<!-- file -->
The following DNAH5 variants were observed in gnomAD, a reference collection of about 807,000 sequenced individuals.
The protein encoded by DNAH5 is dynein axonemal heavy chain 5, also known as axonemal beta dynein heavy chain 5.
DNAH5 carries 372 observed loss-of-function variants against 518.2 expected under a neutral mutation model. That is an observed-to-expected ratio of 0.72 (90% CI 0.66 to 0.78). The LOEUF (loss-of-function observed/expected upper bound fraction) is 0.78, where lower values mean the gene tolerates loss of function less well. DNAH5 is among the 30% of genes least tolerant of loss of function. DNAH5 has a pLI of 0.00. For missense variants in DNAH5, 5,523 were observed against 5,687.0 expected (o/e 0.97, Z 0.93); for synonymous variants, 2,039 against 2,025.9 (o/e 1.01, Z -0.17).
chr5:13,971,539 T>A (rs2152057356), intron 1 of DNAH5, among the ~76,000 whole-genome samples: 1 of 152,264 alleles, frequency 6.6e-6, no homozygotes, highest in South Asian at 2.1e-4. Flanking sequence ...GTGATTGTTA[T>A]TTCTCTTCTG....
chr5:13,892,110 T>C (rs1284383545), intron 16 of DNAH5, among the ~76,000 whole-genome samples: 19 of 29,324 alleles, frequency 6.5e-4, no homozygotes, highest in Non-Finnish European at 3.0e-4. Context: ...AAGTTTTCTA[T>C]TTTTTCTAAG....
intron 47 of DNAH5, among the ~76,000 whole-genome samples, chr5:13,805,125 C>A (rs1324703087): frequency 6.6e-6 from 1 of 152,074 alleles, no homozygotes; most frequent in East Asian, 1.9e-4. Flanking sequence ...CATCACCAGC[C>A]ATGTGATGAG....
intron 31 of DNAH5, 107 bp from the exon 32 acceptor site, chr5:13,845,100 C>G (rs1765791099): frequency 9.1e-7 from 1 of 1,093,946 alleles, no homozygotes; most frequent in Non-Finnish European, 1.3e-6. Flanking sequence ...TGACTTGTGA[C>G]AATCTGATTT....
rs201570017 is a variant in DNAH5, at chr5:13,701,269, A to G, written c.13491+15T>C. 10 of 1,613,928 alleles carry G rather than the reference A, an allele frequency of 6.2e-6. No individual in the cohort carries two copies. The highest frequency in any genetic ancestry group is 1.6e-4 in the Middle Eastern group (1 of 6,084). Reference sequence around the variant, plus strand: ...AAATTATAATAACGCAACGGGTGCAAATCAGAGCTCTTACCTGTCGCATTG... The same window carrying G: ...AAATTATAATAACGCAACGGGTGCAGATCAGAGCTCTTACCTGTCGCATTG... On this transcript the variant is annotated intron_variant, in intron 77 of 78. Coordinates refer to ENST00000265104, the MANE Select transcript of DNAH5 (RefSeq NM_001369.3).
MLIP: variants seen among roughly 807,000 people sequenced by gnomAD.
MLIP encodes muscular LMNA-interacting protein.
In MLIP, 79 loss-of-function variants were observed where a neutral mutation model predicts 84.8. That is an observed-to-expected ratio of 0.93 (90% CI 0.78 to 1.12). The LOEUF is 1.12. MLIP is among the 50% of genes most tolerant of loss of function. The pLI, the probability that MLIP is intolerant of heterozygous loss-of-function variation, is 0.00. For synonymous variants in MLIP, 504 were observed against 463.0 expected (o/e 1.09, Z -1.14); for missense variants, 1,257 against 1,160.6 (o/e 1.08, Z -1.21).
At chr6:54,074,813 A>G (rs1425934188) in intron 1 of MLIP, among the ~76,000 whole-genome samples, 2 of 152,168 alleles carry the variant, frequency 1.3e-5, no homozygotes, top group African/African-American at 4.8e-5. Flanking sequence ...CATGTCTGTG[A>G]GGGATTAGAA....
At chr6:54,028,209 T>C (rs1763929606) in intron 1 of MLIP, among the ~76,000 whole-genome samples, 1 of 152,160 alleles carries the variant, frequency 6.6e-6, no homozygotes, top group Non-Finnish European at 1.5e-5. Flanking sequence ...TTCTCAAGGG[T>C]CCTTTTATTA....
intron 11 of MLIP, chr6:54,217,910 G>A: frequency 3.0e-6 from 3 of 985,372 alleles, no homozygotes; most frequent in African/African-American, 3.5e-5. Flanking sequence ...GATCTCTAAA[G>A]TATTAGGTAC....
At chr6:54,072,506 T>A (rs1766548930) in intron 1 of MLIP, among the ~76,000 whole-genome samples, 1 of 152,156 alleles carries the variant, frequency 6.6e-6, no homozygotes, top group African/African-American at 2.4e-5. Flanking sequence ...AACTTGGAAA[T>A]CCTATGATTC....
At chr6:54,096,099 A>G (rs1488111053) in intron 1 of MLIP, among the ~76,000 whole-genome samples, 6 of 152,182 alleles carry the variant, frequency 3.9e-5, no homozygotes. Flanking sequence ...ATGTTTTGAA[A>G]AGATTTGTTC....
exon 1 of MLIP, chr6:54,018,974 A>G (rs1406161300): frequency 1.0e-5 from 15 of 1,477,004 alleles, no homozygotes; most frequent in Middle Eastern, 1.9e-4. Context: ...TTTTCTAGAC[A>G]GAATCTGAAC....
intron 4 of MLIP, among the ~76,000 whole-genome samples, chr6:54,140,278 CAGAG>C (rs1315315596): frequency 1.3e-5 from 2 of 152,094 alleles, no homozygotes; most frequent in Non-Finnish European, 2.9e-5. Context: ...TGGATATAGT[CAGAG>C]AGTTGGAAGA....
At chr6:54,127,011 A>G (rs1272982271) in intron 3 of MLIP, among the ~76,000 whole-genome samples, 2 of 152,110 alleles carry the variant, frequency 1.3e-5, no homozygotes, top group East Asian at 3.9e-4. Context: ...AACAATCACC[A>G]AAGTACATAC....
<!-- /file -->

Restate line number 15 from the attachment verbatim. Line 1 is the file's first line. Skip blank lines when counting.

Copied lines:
At chr6:54,072,506 T>A (rs1766548930) in intron 1 of MLIP, among the ~76,000 whole-genome samples, 1 of 152,156 alleles carries the variant, frequency 6.6e-6, no homozygotes, top group African/African-American at 2.4e-5. Flanking sequence ...AACTTGGAAA[T>A]CCTATGATTC....